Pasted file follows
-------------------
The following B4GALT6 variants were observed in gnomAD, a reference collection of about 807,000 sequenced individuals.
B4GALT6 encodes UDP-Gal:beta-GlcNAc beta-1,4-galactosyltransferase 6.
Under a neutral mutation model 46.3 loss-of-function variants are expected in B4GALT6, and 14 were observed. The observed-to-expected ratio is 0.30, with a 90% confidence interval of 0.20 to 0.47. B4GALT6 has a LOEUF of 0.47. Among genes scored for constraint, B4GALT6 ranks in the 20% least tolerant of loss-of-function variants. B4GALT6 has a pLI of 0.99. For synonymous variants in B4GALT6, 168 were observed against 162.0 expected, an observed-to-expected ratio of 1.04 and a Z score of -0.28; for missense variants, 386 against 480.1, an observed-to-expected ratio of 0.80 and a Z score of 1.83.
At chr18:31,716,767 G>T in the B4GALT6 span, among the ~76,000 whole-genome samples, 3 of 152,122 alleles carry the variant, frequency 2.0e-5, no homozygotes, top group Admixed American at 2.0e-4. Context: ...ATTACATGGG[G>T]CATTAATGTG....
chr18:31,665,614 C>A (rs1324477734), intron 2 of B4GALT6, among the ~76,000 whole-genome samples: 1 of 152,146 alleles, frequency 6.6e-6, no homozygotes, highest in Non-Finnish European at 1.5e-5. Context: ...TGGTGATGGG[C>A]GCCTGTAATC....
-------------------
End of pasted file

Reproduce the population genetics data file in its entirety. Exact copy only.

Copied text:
The following B4GALT6 variants were observed in gnomAD, a reference collection of about 807,000 sequenced individuals.
B4GALT6 encodes UDP-Gal:beta-GlcNAc beta-1,4-galactosyltransferase 6.
Under a neutral mutation model 46.3 loss-of-function variants are expected in B4GALT6, and 14 were observed. The observed-to-expected ratio is 0.30, with a 90% confidence interval of 0.20 to 0.47. B4GALT6 has a LOEUF of 0.47. Among genes scored for constraint, B4GALT6 ranks in the 20% least tolerant of loss-of-function variants. B4GALT6 has a pLI of 0.99. For synonymous variants in B4GALT6, 168 were observed against 162.0 expected, an observed-to-expected ratio of 1.04 and a Z score of -0.28; for missense variants, 386 against 480.1, an observed-to-expected ratio of 0.80 and a Z score of 1.83.
At chr18:31,716,767 G>T in the B4GALT6 span, among the ~76,000 whole-genome samples, 3 of 152,122 alleles carry the variant, frequency 2.0e-5, no homozygotes, top group Admixed American at 2.0e-4. Context: ...ATTACATGGG[G>T]CATTAATGTG....
chr18:31,665,614 C>A (rs1324477734), intron 2 of B4GALT6, among the ~76,000 whole-genome samples: 1 of 152,146 alleles, frequency 6.6e-6, no homozygotes, highest in Non-Finnish European at 1.5e-5. Context: ...TGGTGATGGG[C>A]GCCTGTAATC....